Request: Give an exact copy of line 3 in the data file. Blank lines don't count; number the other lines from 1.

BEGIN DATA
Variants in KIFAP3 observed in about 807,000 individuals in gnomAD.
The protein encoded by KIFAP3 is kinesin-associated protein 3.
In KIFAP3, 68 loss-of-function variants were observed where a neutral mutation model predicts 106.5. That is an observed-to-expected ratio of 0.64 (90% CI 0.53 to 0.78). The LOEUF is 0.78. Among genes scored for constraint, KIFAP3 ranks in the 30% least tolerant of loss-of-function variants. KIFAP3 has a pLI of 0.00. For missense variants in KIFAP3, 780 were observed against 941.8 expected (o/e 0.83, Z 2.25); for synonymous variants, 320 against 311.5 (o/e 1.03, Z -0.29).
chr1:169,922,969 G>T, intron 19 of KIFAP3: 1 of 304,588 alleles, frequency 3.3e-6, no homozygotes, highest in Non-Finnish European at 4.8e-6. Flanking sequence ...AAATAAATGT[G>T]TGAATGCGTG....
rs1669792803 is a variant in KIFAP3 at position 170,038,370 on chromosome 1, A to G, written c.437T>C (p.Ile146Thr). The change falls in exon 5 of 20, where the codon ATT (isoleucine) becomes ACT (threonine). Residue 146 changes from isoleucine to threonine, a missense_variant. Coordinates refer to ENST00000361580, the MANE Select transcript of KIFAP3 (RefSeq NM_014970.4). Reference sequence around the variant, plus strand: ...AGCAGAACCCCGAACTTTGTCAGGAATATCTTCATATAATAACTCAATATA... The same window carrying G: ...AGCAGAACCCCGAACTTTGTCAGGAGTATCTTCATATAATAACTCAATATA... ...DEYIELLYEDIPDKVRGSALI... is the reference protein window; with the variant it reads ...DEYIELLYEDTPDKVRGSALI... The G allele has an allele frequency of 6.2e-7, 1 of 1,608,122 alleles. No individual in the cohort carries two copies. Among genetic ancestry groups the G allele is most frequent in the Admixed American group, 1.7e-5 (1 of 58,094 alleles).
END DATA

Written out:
In KIFAP3, 68 loss-of-function variants were observed where a neutral mutation model predicts 106.5. That is an observed-to-expected ratio of 0.64 (90% CI 0.53 to 0.78). The LOEUF is 0.78. Among genes scored for constraint, KIFAP3 ranks in the 30% least tolerant of loss-of-function variants. KIFAP3 has a pLI of 0.00. For missense variants in KIFAP3, 780 were observed against 941.8 expected (o/e 0.83, Z 2.25); for synonymous variants, 320 against 311.5 (o/e 1.03, Z -0.29).